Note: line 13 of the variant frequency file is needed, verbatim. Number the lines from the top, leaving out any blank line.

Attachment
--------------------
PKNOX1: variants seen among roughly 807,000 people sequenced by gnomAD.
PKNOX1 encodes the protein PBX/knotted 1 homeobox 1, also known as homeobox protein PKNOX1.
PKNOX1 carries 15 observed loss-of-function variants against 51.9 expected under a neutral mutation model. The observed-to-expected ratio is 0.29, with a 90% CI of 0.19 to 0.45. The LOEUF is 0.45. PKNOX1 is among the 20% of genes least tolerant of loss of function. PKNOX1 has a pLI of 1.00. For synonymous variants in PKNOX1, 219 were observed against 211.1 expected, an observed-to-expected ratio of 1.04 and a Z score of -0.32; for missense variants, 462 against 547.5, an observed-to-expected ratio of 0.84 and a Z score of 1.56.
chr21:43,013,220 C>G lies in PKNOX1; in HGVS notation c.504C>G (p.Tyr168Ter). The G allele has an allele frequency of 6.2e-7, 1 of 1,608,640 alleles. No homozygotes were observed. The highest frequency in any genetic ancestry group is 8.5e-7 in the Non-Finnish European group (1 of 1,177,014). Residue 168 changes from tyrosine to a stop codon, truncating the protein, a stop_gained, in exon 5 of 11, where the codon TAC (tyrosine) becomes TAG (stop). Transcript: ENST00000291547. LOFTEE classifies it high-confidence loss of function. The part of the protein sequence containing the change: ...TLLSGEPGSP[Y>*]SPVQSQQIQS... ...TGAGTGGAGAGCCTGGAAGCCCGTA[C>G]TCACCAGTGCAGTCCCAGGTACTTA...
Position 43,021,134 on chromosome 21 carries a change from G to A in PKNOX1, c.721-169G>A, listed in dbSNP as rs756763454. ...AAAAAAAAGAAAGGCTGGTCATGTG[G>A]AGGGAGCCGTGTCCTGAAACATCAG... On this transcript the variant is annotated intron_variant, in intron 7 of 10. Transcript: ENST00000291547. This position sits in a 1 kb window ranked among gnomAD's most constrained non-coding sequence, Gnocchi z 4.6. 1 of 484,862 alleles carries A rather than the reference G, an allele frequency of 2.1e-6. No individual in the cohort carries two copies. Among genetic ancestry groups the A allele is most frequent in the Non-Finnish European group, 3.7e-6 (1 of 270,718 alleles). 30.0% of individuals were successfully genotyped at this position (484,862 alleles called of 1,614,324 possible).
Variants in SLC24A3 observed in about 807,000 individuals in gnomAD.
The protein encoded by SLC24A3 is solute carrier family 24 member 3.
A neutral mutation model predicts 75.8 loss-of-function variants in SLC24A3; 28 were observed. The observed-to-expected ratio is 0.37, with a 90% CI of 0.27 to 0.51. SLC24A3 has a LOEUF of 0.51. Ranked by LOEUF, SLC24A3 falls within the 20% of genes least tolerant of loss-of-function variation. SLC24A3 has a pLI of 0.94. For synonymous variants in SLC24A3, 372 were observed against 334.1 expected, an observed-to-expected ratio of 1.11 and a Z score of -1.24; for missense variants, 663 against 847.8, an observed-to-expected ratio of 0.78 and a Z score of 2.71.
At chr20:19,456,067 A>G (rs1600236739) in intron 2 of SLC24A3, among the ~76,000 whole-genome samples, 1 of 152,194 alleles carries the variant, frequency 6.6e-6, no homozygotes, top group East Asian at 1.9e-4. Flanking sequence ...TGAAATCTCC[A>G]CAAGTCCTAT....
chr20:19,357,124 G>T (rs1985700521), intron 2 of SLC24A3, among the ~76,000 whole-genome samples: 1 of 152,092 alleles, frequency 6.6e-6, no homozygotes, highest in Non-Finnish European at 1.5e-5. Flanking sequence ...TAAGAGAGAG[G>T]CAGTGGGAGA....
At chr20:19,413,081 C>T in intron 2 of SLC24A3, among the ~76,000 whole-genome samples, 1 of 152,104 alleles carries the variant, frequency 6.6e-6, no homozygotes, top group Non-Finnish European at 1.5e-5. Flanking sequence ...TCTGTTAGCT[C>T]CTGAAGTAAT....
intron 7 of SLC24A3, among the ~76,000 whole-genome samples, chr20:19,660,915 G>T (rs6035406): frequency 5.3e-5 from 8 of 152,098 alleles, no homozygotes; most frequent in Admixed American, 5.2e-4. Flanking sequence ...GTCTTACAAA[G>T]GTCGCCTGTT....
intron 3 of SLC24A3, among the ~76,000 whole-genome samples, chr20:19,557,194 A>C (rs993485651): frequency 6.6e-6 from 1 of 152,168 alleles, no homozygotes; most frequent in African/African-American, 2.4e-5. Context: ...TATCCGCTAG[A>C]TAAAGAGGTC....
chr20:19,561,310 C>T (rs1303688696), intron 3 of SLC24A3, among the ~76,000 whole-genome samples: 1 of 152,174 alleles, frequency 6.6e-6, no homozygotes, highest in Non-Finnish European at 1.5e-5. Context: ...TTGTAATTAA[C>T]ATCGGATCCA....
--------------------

intron 3 of SLC24A3, among the ~76,000 whole-genome samples, chr20:19,557,194 A>C (rs993485651): frequency 6.6e-6 from 1 of 152,168 alleles, no homozygotes; most frequent in African/African-American, 2.4e-5. Context: ...TATCCGCTAG[A>C]TAAAGAGGTC....